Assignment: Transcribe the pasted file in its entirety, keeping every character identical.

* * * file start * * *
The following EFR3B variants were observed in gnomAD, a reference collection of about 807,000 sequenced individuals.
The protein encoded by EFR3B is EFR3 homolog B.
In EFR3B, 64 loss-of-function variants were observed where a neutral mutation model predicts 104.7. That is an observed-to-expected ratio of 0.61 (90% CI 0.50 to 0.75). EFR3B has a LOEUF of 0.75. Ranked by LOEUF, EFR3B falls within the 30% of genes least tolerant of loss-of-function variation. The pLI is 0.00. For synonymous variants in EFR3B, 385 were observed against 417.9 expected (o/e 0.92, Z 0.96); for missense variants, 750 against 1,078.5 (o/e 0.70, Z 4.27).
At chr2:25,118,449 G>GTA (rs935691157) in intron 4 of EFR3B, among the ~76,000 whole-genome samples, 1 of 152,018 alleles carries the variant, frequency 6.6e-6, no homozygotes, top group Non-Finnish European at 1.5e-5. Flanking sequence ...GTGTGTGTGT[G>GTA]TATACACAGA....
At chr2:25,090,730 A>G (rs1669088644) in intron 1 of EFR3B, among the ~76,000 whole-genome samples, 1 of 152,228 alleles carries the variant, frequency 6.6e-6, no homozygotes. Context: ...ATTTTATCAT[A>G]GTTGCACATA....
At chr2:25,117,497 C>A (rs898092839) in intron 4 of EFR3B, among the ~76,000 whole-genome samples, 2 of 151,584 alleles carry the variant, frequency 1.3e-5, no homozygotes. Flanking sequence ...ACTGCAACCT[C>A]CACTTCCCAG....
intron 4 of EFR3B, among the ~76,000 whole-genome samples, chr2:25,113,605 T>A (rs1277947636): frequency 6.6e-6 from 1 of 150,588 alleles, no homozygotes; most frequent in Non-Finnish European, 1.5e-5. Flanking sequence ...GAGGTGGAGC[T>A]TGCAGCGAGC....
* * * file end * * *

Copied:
The following EFR3B variants were observed in gnomAD, a reference collection of about 807,000 sequenced individuals.
The protein encoded by EFR3B is EFR3 homolog B.
In EFR3B, 64 loss-of-function variants were observed where a neutral mutation model predicts 104.7. That is an observed-to-expected ratio of 0.61 (90% CI 0.50 to 0.75). EFR3B has a LOEUF of 0.75. Ranked by LOEUF, EFR3B falls within the 30% of genes least tolerant of loss-of-function variation. The pLI is 0.00. For synonymous variants in EFR3B, 385 were observed against 417.9 expected (o/e 0.92, Z 0.96); for missense variants, 750 against 1,078.5 (o/e 0.70, Z 4.27).
At chr2:25,118,449 G>GTA (rs935691157) in intron 4 of EFR3B, among the ~76,000 whole-genome samples, 1 of 152,018 alleles carries the variant, frequency 6.6e-6, no homozygotes, top group Non-Finnish European at 1.5e-5. Flanking sequence ...GTGTGTGTGT[G>GTA]TATACACAGA....
At chr2:25,090,730 A>G (rs1669088644) in intron 1 of EFR3B, among the ~76,000 whole-genome samples, 1 of 152,228 alleles carries the variant, frequency 6.6e-6, no homozygotes. Context: ...ATTTTATCAT[A>G]GTTGCACATA....
At chr2:25,117,497 C>A (rs898092839) in intron 4 of EFR3B, among the ~76,000 whole-genome samples, 2 of 151,584 alleles carry the variant, frequency 1.3e-5, no homozygotes. Flanking sequence ...ACTGCAACCT[C>A]CACTTCCCAG....
intron 4 of EFR3B, among the ~76,000 whole-genome samples, chr2:25,113,605 T>A (rs1277947636): frequency 6.6e-6 from 1 of 150,588 alleles, no homozygotes; most frequent in Non-Finnish European, 1.5e-5. Flanking sequence ...GAGGTGGAGC[T>A]TGCAGCGAGC....